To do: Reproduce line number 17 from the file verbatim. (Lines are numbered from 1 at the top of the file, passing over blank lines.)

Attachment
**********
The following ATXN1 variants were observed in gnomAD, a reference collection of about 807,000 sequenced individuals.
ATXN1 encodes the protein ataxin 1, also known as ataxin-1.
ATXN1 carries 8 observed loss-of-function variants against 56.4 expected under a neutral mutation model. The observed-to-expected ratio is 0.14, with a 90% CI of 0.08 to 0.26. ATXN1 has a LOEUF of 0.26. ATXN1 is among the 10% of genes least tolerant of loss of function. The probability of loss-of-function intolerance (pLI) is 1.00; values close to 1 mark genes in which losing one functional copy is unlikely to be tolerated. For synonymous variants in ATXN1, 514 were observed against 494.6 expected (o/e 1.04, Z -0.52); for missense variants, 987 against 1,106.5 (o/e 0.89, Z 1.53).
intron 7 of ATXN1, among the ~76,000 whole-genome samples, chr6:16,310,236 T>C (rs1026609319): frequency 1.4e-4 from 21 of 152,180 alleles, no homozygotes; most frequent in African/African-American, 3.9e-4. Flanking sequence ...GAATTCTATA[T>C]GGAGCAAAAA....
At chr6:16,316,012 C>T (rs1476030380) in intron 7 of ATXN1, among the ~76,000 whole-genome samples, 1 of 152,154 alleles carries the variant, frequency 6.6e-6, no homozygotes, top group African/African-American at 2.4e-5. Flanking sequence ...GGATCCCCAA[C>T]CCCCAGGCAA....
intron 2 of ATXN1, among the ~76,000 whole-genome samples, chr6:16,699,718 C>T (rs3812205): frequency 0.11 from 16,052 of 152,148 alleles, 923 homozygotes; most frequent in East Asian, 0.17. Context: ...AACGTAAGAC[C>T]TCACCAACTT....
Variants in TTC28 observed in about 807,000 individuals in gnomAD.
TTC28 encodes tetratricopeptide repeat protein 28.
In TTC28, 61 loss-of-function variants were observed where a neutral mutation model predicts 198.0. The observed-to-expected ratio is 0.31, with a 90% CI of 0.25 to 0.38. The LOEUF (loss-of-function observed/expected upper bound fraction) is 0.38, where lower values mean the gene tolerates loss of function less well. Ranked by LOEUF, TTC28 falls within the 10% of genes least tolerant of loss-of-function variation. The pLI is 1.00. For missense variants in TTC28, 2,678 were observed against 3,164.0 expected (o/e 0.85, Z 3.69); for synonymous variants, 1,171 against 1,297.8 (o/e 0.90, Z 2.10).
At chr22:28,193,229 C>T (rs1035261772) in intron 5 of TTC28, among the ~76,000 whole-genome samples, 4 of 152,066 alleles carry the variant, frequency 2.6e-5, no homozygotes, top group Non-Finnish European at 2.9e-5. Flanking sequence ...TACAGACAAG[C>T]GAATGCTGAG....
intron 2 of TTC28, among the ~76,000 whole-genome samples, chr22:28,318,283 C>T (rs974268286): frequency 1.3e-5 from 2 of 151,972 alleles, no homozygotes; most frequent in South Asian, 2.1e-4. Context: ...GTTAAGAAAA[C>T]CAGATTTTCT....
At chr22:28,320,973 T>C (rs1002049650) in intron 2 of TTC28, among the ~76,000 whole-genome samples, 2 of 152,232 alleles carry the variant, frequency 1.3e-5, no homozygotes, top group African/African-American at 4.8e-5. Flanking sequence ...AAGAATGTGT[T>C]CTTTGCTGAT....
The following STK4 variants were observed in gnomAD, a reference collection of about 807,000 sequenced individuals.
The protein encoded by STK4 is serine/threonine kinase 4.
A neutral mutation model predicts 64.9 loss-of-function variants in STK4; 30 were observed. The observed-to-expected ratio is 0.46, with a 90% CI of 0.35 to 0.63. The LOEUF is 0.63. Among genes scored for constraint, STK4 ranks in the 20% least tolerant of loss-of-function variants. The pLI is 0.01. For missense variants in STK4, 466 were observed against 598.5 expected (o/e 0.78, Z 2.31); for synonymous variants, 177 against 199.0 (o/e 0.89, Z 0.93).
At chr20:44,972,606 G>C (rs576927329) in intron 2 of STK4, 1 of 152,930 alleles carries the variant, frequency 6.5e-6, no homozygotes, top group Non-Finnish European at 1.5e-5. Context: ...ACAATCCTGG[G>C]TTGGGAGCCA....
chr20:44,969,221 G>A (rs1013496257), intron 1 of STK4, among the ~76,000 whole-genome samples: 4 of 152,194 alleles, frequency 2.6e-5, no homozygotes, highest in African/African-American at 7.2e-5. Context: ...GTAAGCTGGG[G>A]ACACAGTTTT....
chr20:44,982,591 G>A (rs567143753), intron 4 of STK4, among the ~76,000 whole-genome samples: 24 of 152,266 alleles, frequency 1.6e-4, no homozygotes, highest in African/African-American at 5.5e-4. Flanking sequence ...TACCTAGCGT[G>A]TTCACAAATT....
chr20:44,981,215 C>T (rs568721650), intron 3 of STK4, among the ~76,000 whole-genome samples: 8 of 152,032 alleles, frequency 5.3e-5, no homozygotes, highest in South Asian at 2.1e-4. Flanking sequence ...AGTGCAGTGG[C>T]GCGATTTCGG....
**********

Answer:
chr20:44,969,221 G>A (rs1013496257), intron 1 of STK4, among the ~76,000 whole-genome samples: 4 of 152,194 alleles, frequency 2.6e-5, no homozygotes, highest in African/African-American at 7.2e-5. Context: ...GTAAGCTGGG[G>A]ACACAGTTTT....